They also won an important victory in court, when a Kane County judge said students from Africa can play on the Mooseheart High School basketball team, at least for now. It is a ruling that says a strong dose of discipline from the IHSA came with too much haste.
The ABC7 I-Team first reported on the lawsuit over the students in an exclusive report Monday.
They arrived last year at Mooseheart as students, four young men from war-ravaged Sudan, three of whom are on the basketball team. They are very tall and skilled.
"We aren't used to playing someone 11 inches taller. And they're also good," said Stan Brandon, grandparent of a Westminster player.
On the eve of a game, the IHSA declared the Sudanese players permanently ineligible, contending they had been recruited for sport. Mooseheart attorneys contended Tuesday in court that that is not true, that the school had played by the rules and the players had sat out for year, as required, and that barring them now is akin to executing a defendant before he has gone on trial.
Judge David Akemann ruled that there must be a hearing before any discipline and the players have not had that hearing, and until they do, they can keep playing.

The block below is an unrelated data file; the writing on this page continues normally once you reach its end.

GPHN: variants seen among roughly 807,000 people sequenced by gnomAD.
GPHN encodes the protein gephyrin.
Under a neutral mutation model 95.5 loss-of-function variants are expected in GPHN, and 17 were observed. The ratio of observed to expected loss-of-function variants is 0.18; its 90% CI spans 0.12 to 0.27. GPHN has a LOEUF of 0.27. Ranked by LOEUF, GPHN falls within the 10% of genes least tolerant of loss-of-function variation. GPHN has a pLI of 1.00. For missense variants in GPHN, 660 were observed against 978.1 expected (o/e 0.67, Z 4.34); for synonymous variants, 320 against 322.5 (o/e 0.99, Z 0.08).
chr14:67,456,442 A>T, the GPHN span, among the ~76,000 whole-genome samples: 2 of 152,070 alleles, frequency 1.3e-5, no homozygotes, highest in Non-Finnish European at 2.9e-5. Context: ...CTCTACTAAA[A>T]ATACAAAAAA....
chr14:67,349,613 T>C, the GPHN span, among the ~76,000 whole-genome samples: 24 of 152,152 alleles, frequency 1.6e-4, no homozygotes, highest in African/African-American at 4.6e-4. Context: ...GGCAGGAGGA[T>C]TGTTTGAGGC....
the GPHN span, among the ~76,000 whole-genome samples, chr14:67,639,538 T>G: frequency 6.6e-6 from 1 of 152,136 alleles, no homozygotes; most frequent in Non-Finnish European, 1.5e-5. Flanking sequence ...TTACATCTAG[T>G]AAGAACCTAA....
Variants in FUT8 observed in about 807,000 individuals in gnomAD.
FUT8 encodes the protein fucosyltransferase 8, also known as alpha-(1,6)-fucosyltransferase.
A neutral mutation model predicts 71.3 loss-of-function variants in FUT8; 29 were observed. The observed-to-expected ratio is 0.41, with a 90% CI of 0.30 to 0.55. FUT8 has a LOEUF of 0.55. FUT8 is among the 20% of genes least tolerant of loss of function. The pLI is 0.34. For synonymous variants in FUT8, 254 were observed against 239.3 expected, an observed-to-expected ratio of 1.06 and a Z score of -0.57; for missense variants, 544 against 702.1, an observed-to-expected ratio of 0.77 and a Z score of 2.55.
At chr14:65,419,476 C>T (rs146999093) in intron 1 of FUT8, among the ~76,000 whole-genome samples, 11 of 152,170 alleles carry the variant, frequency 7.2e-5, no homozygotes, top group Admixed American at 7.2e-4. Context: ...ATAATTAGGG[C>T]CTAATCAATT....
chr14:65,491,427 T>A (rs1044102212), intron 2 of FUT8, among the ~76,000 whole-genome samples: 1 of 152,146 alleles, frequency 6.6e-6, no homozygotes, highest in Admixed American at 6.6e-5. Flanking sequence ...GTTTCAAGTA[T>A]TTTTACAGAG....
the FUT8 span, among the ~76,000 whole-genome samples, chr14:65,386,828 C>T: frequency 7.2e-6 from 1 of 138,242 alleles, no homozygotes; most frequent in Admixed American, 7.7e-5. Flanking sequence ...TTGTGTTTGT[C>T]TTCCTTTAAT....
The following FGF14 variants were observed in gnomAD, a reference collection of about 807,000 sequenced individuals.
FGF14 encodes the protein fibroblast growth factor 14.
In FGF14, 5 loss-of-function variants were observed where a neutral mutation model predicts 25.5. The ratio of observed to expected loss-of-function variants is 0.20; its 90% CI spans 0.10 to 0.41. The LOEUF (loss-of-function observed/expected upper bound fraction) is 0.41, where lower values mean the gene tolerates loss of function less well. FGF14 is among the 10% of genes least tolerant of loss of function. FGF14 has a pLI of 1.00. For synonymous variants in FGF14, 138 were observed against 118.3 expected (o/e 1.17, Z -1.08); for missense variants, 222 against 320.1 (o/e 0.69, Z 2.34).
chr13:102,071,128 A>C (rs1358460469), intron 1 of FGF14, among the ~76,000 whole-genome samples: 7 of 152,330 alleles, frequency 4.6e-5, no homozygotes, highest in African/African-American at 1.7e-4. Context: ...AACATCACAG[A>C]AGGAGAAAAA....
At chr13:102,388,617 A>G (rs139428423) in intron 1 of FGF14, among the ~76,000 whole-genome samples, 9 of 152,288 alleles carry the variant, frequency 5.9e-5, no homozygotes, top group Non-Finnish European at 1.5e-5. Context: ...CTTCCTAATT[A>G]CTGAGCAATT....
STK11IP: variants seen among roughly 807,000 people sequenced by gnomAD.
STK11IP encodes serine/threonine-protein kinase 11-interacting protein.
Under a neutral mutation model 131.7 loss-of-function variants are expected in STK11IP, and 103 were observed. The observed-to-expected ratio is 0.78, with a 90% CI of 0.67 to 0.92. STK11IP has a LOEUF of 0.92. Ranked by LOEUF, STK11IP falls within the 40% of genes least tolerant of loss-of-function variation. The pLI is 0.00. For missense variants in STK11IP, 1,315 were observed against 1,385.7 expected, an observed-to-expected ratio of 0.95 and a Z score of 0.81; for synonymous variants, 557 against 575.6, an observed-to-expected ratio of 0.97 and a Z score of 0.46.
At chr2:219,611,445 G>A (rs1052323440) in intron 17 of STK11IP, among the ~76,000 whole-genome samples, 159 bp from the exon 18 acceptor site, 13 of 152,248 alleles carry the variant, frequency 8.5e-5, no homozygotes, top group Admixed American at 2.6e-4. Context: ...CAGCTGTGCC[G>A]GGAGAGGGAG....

The head of the IHSA issued a statement Tuesday night. "We are respectful of Judge Akemann's decision, though we are dissapointed in his view of how our membership's rules are to be applied," the statement read.
"This school had nothing to do with recruiting any student-athletes," said attorney Peter Rush. "It's 100-year history is proof in and of itself. That is not its mission, and that is not its function."
A conference rival, Hinckley-Big Rock, had complained to the IHSA that the arrival of the tall Sudanese students at Mooseheart had made for an uneven playing field.
One of those student-athletes, 18-year-old Makur Puou, says he did not come to Mooseheart just to play basketball.
"My goal was to get a good education, to get education so I can be successful and help my country...and help my family," said Puou.
On Monday, Mooseheart will argue its case to the IHSA.
"We are very confident that when we have the hearing on Monday, justice will be served," said Mooseheart Executive Director Scott Hart. "We will get a fair and impartial hearing before the board of directors, and we look forward to their opinion."
Judge Akemann said Tuesday that courts typically are reluctant to get involved in disciplinary decisions of voluntary associations, which the IHSA is, but the judge also said that there is a disciplinary process that has to be followed, and that will play out next Monday in Bloomington.